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American banks don’t support Trump — voters soon won’t either

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Speculating what will doom President Donald J. Trump has become a Washington parlor game. British betting companies have been putting odds this summer at better than 50-50 that Trump will not last his first term. Las Vegas has odds at up to 33 percent that the president will be gone by year’s end. But for an early exit to occur, whether it be from resignation or impeachment, the much ballyhooed Trump base would have to lose its faith. 

We’re wagering that, when the bling and bluster wear thin and when the sugar high from Twitter tirades has worn off, the pitch forks will be out for our celebrity-in-chief. Trump is a genius self-promoter, but he’s a terrible businessman. We bet the facts catch up to him. 

{mosads}There are early clues from Trump’s time at the Wharton School at the University of Pennsylvania. Candidate Trump boasted frequently that he was an exemplary student at “the world’s best business school.” Trump was never enrolled, however, in Wharton’s prestigious graduate program. Rather, he was a transfer student in its less-renowned undergraduate program, where his academic record remains a mystery.


While some news outlets have reported that Trump graduated first in his class in 1968, there’s no evidence for such claims. We only know that Wharton policy will not confirm that fact, that Trump has declined to release his own records and that the commencement program from that year does not list him as graduating with honors.

Who cares? Three years before Trump graduated from Wharton, a student at Yale named Fred Smith got a “C” for a paper challenging the way delivery of parcels worked in the United States. Smith famously went on to start FedEx and revolutionize an entire industry. No one is suggesting that college professors know how to mentor maverick entrepreneurs.

But what about Trump? He left two years of undergraduate studies at the University of Pennsylvania to stack up bankruptcies and a stellar list of lawsuits over the years — some 3,500, in fact. Donald Trump’s success has been as a reality television star. His record as billionaire and real estate guru is murky at best.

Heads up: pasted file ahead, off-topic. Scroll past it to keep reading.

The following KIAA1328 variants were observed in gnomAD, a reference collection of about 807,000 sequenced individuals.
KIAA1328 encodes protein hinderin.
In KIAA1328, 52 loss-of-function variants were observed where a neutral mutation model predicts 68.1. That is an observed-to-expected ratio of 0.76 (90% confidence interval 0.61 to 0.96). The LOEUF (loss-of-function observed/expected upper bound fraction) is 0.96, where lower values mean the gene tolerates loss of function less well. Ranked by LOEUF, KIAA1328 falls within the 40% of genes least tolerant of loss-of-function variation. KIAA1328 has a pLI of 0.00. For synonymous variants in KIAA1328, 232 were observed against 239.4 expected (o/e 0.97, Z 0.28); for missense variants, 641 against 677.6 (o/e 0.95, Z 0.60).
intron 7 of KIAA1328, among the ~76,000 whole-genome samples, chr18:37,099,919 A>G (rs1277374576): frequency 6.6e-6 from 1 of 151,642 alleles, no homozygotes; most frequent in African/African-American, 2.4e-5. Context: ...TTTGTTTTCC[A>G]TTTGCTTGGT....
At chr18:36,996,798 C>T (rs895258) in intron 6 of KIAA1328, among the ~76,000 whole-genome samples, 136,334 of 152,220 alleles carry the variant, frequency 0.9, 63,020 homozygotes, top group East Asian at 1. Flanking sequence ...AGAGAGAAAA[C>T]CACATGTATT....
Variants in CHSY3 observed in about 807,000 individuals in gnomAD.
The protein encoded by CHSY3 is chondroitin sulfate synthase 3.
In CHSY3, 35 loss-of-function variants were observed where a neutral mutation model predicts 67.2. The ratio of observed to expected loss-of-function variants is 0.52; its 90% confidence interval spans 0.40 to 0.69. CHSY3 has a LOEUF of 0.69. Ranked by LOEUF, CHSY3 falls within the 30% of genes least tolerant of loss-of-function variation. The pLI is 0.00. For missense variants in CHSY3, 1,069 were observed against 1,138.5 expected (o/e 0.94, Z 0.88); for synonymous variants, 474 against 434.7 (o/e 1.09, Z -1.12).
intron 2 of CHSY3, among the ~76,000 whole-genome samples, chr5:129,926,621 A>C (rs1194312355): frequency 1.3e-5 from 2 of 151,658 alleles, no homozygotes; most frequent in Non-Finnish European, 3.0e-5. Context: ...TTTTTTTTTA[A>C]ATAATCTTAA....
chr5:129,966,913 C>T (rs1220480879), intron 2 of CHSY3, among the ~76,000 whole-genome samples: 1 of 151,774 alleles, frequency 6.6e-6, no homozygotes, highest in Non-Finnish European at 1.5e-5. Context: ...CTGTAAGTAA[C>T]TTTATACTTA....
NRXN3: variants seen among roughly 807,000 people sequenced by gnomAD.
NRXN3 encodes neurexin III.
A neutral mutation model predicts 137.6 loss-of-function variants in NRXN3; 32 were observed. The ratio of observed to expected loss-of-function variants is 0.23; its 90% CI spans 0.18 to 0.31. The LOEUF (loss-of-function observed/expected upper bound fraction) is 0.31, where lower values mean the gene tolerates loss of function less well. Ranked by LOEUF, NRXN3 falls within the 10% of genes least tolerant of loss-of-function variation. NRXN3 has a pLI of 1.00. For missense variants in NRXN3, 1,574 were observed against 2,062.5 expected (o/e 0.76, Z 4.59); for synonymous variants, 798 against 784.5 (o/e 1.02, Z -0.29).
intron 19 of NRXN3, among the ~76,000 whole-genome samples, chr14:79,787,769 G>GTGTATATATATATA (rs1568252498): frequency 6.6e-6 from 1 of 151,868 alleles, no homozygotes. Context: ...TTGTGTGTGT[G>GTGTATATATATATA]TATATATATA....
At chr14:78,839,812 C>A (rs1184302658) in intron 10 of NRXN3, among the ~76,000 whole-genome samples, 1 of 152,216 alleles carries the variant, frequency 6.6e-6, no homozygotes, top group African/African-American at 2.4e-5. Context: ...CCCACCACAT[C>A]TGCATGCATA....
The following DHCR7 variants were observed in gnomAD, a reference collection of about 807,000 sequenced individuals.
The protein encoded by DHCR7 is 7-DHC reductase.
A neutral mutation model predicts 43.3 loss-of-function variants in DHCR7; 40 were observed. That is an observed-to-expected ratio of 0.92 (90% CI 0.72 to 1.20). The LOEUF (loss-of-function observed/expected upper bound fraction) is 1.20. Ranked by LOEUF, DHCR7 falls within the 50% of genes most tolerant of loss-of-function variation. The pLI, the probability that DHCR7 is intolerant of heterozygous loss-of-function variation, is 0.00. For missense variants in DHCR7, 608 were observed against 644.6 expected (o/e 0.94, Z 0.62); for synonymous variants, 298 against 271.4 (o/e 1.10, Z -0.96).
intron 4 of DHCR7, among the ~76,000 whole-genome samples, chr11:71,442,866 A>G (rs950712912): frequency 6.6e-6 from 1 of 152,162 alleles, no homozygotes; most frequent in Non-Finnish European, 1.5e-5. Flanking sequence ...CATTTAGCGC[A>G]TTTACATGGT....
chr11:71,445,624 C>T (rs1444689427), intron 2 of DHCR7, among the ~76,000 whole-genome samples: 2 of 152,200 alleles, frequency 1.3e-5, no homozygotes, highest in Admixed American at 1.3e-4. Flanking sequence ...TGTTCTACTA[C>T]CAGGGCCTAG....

As long as he refuses to release his tax returns, we’ll never know how much he’s worth, or whether his assets even exceed his liabilities. We do know this: His financial disclosures reveal he owes lenders hundreds of millions of dollars, and for years now, it has been nearly impossible for him to get a loan for any of his real estate ventures.

This ought to be a flashing red light for Americans who know what it’s like to apply for a bank loan to buy a car or a house or to pay for healthcare or a child’s education. Donald Trump is the poster child for “disqualified” and “denied.” 

Deutsche Bank is an exception. The big German bank became Trump’s lifeline after U.S. lenders turned against him following a string of hotel and casino bankruptcies in the 1990s. Yet, the relationship has hardly been a harmonious one. In 2008, Trump sued Deutsche Bank in order to win the right to delay paying back an earlier loan.

After that, Trump and the commercial real estate division of the bank divorced, as the bank’s private wealth management unit that services ultra rich and celebrity clientele took over the relationship. Trump still owes Deutsche Bank at least $130 million.

It’s all a mess, and there’s a pattern. Trump’s career is that of a businessman whose options have steadily narrowed over the years. The same may apply today to the president’s political fortunes.

Support for him among loyalists appears already to be slipping. It may be Russian collusion, race debates or financial crimes that ultimately do him in. Our forecast though is that voters wake up one day and realize that if American banks won’t support Donald Trump, neither should they. 

Charles Davidson is publisher of The American Interest, a bimonthly magazine focusing primarily on foreign policy, international affairs, global economics and military matters.

Jeffrey Gedmin is a nonresident senior fellow for the Future Europe Initiative at the Atlantic Council. He is also a senior fellow at Georgetown University’s School of Foreign Service.

The views expressed by contributors are their own and not the views of The Hill. 

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